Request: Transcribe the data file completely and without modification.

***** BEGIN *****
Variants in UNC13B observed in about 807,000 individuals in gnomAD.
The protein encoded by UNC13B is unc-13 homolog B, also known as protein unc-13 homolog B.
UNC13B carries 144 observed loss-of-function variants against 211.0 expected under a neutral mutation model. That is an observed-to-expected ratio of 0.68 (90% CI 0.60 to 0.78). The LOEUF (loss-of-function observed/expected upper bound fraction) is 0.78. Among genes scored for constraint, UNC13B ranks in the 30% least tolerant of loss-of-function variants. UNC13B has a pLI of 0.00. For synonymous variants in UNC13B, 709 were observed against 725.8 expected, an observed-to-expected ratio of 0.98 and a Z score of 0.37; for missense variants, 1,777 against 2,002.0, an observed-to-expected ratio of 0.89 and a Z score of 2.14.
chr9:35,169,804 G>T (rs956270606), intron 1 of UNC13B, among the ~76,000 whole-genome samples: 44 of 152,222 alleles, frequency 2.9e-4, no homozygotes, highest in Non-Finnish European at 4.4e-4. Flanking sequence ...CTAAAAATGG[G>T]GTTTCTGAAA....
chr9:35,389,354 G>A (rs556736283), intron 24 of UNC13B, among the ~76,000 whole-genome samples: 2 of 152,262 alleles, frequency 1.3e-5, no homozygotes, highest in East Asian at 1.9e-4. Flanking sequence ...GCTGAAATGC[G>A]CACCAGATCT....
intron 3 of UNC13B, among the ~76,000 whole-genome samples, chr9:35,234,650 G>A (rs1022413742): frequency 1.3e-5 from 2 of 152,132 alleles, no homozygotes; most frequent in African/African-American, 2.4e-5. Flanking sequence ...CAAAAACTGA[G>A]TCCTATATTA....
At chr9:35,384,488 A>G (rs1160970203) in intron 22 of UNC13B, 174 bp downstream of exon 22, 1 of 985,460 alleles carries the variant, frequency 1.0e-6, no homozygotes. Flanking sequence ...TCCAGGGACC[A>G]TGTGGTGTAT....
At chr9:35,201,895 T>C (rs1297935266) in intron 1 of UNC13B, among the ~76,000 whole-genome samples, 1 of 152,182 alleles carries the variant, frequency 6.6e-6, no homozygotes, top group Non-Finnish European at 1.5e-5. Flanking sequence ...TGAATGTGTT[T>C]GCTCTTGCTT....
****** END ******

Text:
Variants in UNC13B observed in about 807,000 individuals in gnomAD.
The protein encoded by UNC13B is unc-13 homolog B, also known as protein unc-13 homolog B.
UNC13B carries 144 observed loss-of-function variants against 211.0 expected under a neutral mutation model. That is an observed-to-expected ratio of 0.68 (90% CI 0.60 to 0.78). The LOEUF (loss-of-function observed/expected upper bound fraction) is 0.78. Among genes scored for constraint, UNC13B ranks in the 30% least tolerant of loss-of-function variants. UNC13B has a pLI of 0.00. For synonymous variants in UNC13B, 709 were observed against 725.8 expected, an observed-to-expected ratio of 0.98 and a Z score of 0.37; for missense variants, 1,777 against 2,002.0, an observed-to-expected ratio of 0.89 and a Z score of 2.14.
chr9:35,169,804 G>T (rs956270606), intron 1 of UNC13B, among the ~76,000 whole-genome samples: 44 of 152,222 alleles, frequency 2.9e-4, no homozygotes, highest in Non-Finnish European at 4.4e-4. Flanking sequence ...CTAAAAATGG[G>T]GTTTCTGAAA....
chr9:35,389,354 G>A (rs556736283), intron 24 of UNC13B, among the ~76,000 whole-genome samples: 2 of 152,262 alleles, frequency 1.3e-5, no homozygotes, highest in East Asian at 1.9e-4. Flanking sequence ...GCTGAAATGC[G>A]CACCAGATCT....
intron 3 of UNC13B, among the ~76,000 whole-genome samples, chr9:35,234,650 G>A (rs1022413742): frequency 1.3e-5 from 2 of 152,132 alleles, no homozygotes; most frequent in African/African-American, 2.4e-5. Flanking sequence ...CAAAAACTGA[G>A]TCCTATATTA....
At chr9:35,384,488 A>G (rs1160970203) in intron 22 of UNC13B, 174 bp downstream of exon 22, 1 of 985,460 alleles carries the variant, frequency 1.0e-6, no homozygotes. Flanking sequence ...TCCAGGGACC[A>G]TGTGGTGTAT....
At chr9:35,201,895 T>C (rs1297935266) in intron 1 of UNC13B, among the ~76,000 whole-genome samples, 1 of 152,182 alleles carries the variant, frequency 6.6e-6, no homozygotes, top group Non-Finnish European at 1.5e-5. Flanking sequence ...TGAATGTGTT[T>C]GCTCTTGCTT....